Wednesday, October 15, 2008

Catsear





Is it a dandelion? Is it hawkweed? No! It's catsear! Catsear is often mistaken for dandelions. The leaves are similarly shaped, but they are smoother and hairy. The flower stems are not hollow and often branch into two or three stems for two or three flowers while each dandelion stem only has one flower. We have a lot of catsear in our yard!

Catsear is not native to our area. It is native to Europe and has been spread to North America, Asia, Australia, and New Zealand. Its scientific name is Hypochaeris radicata.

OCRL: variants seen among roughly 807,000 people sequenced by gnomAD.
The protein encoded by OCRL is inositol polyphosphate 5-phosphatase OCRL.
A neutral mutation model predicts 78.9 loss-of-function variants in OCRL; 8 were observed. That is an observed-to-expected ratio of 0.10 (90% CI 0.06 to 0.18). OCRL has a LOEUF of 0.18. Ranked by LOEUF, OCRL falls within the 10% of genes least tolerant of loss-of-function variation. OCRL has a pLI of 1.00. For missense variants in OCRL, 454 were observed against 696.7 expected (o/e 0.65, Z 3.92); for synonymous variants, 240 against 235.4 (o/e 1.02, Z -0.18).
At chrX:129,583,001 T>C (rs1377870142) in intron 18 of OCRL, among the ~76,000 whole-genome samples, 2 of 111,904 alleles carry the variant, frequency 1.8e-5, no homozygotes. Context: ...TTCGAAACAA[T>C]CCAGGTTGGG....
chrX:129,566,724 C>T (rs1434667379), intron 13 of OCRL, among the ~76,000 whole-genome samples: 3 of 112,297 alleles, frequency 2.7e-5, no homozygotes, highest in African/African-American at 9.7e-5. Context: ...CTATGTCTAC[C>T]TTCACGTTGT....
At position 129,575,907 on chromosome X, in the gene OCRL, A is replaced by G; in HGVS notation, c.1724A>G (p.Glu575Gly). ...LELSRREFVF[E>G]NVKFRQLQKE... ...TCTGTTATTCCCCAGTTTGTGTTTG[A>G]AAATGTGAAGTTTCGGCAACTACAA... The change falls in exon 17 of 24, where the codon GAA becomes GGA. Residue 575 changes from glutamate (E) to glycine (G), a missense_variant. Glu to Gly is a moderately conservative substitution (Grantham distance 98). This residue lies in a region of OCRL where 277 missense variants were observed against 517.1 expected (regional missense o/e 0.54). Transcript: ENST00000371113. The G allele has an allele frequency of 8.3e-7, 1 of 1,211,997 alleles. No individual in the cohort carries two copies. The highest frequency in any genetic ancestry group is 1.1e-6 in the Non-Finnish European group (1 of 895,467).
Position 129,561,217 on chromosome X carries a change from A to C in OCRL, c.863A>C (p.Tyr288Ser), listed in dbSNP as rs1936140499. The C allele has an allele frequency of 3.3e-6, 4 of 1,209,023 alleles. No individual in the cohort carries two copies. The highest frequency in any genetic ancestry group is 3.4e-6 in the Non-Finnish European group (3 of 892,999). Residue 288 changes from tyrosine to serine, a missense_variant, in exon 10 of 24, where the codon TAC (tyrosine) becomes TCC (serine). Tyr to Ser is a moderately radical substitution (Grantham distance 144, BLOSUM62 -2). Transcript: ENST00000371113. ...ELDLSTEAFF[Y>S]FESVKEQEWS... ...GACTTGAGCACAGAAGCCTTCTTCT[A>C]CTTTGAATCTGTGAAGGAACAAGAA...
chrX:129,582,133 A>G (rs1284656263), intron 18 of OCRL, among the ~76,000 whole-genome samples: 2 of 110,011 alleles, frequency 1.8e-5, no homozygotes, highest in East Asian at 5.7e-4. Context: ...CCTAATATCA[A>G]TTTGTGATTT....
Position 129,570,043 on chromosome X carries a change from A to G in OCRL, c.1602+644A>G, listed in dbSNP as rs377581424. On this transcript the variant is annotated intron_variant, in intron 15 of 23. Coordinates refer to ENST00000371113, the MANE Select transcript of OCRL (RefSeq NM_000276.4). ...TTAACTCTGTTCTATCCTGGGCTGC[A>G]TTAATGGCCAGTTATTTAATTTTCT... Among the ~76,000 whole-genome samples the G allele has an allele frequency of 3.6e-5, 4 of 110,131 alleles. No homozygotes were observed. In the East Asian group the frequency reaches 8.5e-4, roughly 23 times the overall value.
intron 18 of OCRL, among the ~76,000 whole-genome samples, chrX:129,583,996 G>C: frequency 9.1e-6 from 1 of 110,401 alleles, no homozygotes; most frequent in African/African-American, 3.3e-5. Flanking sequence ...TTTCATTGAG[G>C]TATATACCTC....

Now for a few interesting facts about catsear. It is named for the shape and hairiness of the ends of the leaves which are suppose to resemble cats' ears. (I don't see the resemblance so much!) It is toxic in large quantities to horses. The leaves are edible. (The hairiness makes them rather unpalatable to me.) The roots are also edible and are sometimes roasted and ground for a coffee substitute!

1. poison ivy (Toxicodendron radicans)
2. red maple (Acer rubrum)
3. Virginia creeper (Parthenocissus quinquefolia)
4. staghorn sumac (Rhus typhina)
5. common dandelion (Taraxacum officinale)
6. New England aster (Symphyotrichum novae-angliae)
7. Canada goldenrod (Solidago altissima)
8. catsear (Hypochaeris radicata)